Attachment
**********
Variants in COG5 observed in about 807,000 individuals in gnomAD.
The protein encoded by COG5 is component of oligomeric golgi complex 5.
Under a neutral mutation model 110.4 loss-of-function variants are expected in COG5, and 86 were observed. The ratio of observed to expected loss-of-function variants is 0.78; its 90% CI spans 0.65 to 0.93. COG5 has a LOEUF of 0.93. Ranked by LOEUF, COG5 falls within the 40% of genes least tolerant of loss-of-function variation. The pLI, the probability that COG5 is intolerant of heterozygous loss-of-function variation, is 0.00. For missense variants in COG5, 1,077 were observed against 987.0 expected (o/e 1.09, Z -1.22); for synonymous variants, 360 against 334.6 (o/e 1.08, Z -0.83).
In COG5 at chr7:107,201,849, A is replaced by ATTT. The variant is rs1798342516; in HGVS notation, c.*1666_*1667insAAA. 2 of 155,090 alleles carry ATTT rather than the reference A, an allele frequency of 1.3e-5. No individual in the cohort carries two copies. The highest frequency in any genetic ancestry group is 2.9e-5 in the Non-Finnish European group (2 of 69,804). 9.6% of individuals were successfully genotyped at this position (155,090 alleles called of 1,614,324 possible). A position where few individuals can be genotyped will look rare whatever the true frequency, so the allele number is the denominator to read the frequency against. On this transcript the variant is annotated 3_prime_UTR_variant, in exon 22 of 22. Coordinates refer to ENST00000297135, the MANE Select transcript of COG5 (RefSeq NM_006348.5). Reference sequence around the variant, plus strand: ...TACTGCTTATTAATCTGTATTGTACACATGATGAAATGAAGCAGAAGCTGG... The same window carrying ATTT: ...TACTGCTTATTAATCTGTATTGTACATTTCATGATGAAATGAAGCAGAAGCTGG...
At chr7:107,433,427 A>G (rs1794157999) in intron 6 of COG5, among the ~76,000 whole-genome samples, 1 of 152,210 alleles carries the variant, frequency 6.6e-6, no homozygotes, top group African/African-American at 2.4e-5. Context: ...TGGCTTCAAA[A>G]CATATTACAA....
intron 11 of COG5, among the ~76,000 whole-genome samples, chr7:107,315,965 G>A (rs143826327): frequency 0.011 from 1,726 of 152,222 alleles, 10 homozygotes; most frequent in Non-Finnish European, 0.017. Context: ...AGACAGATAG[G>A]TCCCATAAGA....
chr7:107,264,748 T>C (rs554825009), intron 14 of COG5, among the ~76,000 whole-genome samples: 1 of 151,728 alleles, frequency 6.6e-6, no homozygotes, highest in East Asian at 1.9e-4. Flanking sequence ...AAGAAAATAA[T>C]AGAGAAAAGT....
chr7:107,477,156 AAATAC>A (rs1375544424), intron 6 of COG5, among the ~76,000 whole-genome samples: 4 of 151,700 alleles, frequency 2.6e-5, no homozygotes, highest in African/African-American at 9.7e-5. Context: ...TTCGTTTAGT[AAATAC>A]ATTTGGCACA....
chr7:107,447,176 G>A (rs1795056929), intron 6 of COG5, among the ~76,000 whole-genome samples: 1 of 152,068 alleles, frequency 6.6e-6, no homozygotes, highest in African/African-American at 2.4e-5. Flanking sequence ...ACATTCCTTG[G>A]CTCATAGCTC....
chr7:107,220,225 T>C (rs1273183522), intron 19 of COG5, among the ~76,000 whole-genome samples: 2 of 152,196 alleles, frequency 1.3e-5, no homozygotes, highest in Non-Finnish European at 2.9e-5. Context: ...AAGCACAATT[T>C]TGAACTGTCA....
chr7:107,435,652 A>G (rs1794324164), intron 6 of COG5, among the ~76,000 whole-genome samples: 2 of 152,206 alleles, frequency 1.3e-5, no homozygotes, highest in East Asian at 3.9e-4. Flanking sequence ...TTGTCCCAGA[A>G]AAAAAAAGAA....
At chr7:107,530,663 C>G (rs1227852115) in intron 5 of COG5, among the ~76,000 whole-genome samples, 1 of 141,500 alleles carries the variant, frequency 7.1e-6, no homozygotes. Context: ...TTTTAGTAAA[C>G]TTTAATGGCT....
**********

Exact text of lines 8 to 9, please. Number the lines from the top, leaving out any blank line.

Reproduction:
chr7:107,477,156 AAATAC>A (rs1375544424), intron 6 of COG5, among the ~76,000 whole-genome samples: 4 of 151,700 alleles, frequency 2.6e-5, no homozygotes, highest in African/African-American at 9.7e-5. Context: ...TTCGTTTAGT[AAATAC>A]ATTTGGCACA....
chr7:107,447,176 G>A (rs1795056929), intron 6 of COG5, among the ~76,000 whole-genome samples: 1 of 152,068 alleles, frequency 6.6e-6, no homozygotes, highest in African/African-American at 2.4e-5. Flanking sequence ...ACATTCCTTG[G>A]CTCATAGCTC....